AMR Pilots Seek More Time To Agree Deal
Published: June 22, 2012
American Airlines’ pilots union has asked for more time to consider the company’s latest contract offer in hopes of avoiding a stalemate that could result in the unilateral imposition of interim work rules, according to two people close to the matter.
The Allied Pilots’ Association asked AMR, American’s bankrupt parent, for another week to negotiate a consensual contract, according to the people, who declined to be named because the discussions are private.
The union, which on Wednesday announced that talks had ended without a contract, now faces a court ruling, expected on Friday, that could allow AMR to impose interim work rules without the union’s consent.
AMR’s unions have been locked in a longstanding dispute with the company, which declared bankruptcy in November, saying it needs USD$ 1.25 billion in annual staff savings to become profitable.
American has asked Bankruptcy Judge Sean Lane for permission to abandon its current contracts, which would let it impose interim terms unilaterally as it negotiates new long-term deals with its unions.
Judge Lane was due to issue a ruling on that request on Friday, but the APA has now asked AMR for more time to work out a deal, a request the airline is still considering, the people said. If the sides agreed to an extension, Judge Lane would likely hold off on issuing his ruling, they said.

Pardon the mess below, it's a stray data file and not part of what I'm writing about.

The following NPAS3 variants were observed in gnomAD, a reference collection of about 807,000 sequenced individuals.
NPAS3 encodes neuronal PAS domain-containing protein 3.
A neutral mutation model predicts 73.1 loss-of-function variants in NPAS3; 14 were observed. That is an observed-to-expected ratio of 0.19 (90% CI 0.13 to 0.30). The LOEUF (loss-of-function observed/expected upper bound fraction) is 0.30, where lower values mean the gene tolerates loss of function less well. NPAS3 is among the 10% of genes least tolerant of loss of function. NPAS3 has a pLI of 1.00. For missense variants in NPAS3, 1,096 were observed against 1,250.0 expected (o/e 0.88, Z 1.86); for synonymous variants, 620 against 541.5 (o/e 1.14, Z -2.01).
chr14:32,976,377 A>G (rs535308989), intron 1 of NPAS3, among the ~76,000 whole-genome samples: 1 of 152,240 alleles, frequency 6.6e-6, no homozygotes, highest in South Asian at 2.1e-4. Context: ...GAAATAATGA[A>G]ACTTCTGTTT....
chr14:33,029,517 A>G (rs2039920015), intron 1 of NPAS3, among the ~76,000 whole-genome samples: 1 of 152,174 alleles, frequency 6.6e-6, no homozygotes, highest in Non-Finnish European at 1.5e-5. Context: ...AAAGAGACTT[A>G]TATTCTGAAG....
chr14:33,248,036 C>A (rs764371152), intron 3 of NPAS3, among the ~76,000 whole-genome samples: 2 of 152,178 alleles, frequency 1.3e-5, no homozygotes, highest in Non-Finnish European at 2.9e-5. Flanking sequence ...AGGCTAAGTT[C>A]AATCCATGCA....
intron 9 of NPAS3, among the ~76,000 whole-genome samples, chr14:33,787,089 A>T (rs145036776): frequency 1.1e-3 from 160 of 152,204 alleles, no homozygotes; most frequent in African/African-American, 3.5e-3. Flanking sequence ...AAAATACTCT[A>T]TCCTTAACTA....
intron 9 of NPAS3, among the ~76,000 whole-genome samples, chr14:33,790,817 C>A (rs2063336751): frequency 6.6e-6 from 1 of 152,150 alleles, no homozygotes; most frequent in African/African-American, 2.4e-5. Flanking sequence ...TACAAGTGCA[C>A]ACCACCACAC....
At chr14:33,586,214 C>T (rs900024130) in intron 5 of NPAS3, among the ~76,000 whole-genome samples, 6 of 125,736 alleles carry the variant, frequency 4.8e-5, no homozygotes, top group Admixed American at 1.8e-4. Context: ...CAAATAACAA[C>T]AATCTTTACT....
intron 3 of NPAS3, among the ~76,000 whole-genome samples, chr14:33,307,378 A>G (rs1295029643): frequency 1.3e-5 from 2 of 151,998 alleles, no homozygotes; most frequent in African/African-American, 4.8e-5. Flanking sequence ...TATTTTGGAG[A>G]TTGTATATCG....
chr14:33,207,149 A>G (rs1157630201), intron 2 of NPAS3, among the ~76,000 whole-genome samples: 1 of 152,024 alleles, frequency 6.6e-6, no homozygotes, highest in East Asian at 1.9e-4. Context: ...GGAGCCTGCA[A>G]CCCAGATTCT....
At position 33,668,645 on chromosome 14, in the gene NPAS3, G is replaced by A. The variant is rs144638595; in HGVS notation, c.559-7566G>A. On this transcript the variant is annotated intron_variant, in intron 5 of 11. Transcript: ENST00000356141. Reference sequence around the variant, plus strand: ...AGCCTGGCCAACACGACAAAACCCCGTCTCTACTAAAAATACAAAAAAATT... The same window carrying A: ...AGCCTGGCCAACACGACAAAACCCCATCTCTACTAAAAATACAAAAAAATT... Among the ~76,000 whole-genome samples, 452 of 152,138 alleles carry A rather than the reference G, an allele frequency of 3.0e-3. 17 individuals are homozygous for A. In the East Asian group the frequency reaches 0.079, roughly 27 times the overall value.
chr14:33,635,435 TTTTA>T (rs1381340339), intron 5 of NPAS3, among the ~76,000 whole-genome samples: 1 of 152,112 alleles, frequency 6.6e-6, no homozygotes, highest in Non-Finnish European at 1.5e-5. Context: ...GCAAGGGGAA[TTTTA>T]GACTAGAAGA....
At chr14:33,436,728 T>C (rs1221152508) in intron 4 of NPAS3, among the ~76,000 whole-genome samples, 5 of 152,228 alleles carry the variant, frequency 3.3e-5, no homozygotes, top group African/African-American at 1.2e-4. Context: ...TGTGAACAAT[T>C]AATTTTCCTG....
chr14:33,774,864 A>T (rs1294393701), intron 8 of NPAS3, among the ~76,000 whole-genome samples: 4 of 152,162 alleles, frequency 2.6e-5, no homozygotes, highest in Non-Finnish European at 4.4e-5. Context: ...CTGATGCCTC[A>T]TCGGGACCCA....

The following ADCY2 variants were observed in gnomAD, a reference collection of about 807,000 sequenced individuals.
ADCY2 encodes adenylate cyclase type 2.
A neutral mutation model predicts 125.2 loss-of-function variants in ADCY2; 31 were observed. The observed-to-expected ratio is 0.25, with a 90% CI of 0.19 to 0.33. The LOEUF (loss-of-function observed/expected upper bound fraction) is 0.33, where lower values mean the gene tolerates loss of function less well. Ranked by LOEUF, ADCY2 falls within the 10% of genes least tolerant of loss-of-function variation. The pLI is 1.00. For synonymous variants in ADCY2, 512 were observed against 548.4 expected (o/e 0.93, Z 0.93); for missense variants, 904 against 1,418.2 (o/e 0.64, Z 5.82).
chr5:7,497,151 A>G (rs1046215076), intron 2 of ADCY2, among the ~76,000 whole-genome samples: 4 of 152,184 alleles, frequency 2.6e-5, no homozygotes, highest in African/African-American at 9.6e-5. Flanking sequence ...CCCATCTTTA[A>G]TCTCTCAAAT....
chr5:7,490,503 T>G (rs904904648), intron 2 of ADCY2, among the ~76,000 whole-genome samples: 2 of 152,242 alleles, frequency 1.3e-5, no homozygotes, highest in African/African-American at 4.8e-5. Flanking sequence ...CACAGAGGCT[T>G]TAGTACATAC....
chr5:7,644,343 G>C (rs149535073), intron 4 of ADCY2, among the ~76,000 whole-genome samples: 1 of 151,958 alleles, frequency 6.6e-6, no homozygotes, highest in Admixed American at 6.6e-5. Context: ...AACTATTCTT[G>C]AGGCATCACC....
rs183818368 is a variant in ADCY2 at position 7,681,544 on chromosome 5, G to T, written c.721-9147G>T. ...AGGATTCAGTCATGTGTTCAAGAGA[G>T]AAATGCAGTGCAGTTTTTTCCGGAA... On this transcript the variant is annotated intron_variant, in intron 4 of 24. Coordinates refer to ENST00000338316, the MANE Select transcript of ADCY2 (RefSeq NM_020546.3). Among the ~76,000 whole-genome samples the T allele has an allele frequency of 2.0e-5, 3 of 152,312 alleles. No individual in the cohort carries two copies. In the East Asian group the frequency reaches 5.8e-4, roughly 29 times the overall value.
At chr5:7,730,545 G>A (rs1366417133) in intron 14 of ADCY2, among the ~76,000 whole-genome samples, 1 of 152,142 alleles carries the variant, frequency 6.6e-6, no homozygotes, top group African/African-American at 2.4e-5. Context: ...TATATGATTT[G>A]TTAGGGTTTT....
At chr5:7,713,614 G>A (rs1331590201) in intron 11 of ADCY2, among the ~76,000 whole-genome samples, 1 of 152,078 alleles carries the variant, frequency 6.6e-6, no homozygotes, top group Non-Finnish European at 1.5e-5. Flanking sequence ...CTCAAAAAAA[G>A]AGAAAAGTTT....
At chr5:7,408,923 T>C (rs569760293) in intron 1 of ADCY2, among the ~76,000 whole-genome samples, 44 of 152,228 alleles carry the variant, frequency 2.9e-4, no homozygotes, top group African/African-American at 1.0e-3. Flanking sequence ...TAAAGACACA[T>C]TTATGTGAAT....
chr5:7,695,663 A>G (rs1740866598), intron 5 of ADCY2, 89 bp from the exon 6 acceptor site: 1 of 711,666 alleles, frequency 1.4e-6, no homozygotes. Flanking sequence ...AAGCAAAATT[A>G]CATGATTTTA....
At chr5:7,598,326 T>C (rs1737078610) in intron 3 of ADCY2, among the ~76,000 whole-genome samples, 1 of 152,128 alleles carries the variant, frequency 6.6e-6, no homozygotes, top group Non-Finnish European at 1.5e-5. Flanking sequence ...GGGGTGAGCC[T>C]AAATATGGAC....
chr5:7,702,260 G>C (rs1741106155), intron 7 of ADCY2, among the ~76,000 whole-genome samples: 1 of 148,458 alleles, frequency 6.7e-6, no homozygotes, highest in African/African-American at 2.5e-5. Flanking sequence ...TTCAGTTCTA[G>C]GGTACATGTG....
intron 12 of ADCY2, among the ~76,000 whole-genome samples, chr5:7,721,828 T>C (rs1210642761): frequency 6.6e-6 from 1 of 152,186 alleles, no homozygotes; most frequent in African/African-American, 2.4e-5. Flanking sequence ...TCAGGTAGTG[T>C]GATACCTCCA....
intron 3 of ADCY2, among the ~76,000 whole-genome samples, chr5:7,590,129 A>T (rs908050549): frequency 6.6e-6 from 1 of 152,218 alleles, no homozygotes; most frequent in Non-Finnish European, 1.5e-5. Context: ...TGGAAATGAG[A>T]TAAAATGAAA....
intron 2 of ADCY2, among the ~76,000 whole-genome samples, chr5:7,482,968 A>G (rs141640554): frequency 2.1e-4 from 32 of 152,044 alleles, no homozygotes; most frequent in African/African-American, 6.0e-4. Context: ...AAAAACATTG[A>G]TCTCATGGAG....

The APA’s board on Wednesday said it could not send AMR’s offer to its members for a vote, citing a lack of specifics “in various areas” and the need for more time to consider contract provisions and related language.
A spokesman for the APA declined to comment on Thursday.
Bruce Hicks, a spokesman for AMR, also declined to discuss a possible extension.
“I’m not going to comment on anything that may or may not happen in that regard,” Hicks said.
Earlier this month, AMR’s flight attendants’ union said it had stopped negotiating with AMR and would take its chances on Judge Lane’s ruling.
AMR’s ground workers’ union has been split on AMR’s contract offer. Five of the union’s seven work groups voted last month to accept the deal, while two voted it down and remain in talks with the company.
All three unions have said they ultimately would prefer a merger with US Airways. US Air has been pushing hard for a merger, and has said a tie-up would salvage more than 6,000 jobs that would be cut under a standalone restructuring by AMR.
American has maintained it is focused on emerging from bankruptcy later this year as a standalone carrier but has said it would consider all options, including consolidation. Sources said earlier this month that US Airways hopes to file paperwork as early as July to clear antitrust regulations on a potential deal.